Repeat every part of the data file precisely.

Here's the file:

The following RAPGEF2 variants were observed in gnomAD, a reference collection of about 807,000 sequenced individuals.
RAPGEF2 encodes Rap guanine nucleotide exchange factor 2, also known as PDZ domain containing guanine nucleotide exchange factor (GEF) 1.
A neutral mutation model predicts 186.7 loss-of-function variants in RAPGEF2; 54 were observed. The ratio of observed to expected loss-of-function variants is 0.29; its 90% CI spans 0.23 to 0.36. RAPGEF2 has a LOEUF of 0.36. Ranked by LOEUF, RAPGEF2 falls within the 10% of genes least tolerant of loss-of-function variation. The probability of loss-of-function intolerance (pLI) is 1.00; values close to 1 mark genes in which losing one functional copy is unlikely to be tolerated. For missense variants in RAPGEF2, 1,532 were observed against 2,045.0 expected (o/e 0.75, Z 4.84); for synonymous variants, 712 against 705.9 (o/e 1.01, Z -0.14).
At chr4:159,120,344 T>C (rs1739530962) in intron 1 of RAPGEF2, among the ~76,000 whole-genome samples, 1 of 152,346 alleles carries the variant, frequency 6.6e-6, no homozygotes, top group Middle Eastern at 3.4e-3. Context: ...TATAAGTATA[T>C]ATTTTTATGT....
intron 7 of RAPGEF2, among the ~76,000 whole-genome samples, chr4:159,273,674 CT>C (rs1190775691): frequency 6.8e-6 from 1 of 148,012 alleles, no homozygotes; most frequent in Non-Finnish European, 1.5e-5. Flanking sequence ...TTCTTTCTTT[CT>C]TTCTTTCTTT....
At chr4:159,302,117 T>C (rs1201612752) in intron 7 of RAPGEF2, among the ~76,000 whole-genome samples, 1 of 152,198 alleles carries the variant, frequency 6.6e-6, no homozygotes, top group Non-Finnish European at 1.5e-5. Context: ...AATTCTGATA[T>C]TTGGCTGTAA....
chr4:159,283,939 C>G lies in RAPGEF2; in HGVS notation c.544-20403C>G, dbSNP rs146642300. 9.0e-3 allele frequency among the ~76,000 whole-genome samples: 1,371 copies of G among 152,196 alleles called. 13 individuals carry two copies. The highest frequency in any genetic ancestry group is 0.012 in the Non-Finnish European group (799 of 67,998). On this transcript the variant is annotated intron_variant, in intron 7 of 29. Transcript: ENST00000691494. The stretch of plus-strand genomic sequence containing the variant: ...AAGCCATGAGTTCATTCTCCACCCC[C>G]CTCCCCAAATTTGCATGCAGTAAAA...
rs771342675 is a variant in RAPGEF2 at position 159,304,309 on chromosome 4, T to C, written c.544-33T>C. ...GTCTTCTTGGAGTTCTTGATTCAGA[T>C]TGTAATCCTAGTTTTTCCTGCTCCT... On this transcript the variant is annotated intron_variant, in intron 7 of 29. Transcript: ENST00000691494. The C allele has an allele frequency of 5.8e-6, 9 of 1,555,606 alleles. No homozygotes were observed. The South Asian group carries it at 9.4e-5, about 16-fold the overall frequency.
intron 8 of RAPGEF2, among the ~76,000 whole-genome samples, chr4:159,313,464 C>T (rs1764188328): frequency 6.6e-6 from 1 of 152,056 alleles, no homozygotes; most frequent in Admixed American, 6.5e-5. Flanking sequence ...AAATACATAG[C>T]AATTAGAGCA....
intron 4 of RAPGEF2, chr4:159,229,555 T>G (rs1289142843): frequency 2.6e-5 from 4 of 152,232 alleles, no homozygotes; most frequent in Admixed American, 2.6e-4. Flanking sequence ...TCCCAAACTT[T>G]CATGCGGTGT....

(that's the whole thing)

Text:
The following RAPGEF2 variants were observed in gnomAD, a reference collection of about 807,000 sequenced individuals.
RAPGEF2 encodes Rap guanine nucleotide exchange factor 2, also known as PDZ domain containing guanine nucleotide exchange factor (GEF) 1.
A neutral mutation model predicts 186.7 loss-of-function variants in RAPGEF2; 54 were observed. The ratio of observed to expected loss-of-function variants is 0.29; its 90% CI spans 0.23 to 0.36. RAPGEF2 has a LOEUF of 0.36. Ranked by LOEUF, RAPGEF2 falls within the 10% of genes least tolerant of loss-of-function variation. The probability of loss-of-function intolerance (pLI) is 1.00; values close to 1 mark genes in which losing one functional copy is unlikely to be tolerated. For missense variants in RAPGEF2, 1,532 were observed against 2,045.0 expected (o/e 0.75, Z 4.84); for synonymous variants, 712 against 705.9 (o/e 1.01, Z -0.14).
At chr4:159,120,344 T>C (rs1739530962) in intron 1 of RAPGEF2, among the ~76,000 whole-genome samples, 1 of 152,346 alleles carries the variant, frequency 6.6e-6, no homozygotes, top group Middle Eastern at 3.4e-3. Context: ...TATAAGTATA[T>C]ATTTTTATGT....
intron 7 of RAPGEF2, among the ~76,000 whole-genome samples, chr4:159,273,674 CT>C (rs1190775691): frequency 6.8e-6 from 1 of 148,012 alleles, no homozygotes; most frequent in Non-Finnish European, 1.5e-5. Flanking sequence ...TTCTTTCTTT[CT>C]TTCTTTCTTT....
At chr4:159,302,117 T>C (rs1201612752) in intron 7 of RAPGEF2, among the ~76,000 whole-genome samples, 1 of 152,198 alleles carries the variant, frequency 6.6e-6, no homozygotes, top group Non-Finnish European at 1.5e-5. Context: ...AATTCTGATA[T>C]TTGGCTGTAA....
chr4:159,283,939 C>G lies in RAPGEF2; in HGVS notation c.544-20403C>G, dbSNP rs146642300. 9.0e-3 allele frequency among the ~76,000 whole-genome samples: 1,371 copies of G among 152,196 alleles called. 13 individuals carry two copies. The highest frequency in any genetic ancestry group is 0.012 in the Non-Finnish European group (799 of 67,998). On this transcript the variant is annotated intron_variant, in intron 7 of 29. Transcript: ENST00000691494. The stretch of plus-strand genomic sequence containing the variant: ...AAGCCATGAGTTCATTCTCCACCCC[C>G]CTCCCCAAATTTGCATGCAGTAAAA...
rs771342675 is a variant in RAPGEF2 at position 159,304,309 on chromosome 4, T to C, written c.544-33T>C. ...GTCTTCTTGGAGTTCTTGATTCAGA[T>C]TGTAATCCTAGTTTTTCCTGCTCCT... On this transcript the variant is annotated intron_variant, in intron 7 of 29. Transcript: ENST00000691494. The C allele has an allele frequency of 5.8e-6, 9 of 1,555,606 alleles. No homozygotes were observed. The South Asian group carries it at 9.4e-5, about 16-fold the overall frequency.
intron 8 of RAPGEF2, among the ~76,000 whole-genome samples, chr4:159,313,464 C>T (rs1764188328): frequency 6.6e-6 from 1 of 152,056 alleles, no homozygotes; most frequent in Admixed American, 6.5e-5. Flanking sequence ...AAATACATAG[C>T]AATTAGAGCA....
intron 4 of RAPGEF2, chr4:159,229,555 T>G (rs1289142843): frequency 2.6e-5 from 4 of 152,232 alleles, no homozygotes; most frequent in Admixed American, 2.6e-4. Flanking sequence ...TCCCAAACTT[T>G]CATGCGGTGT....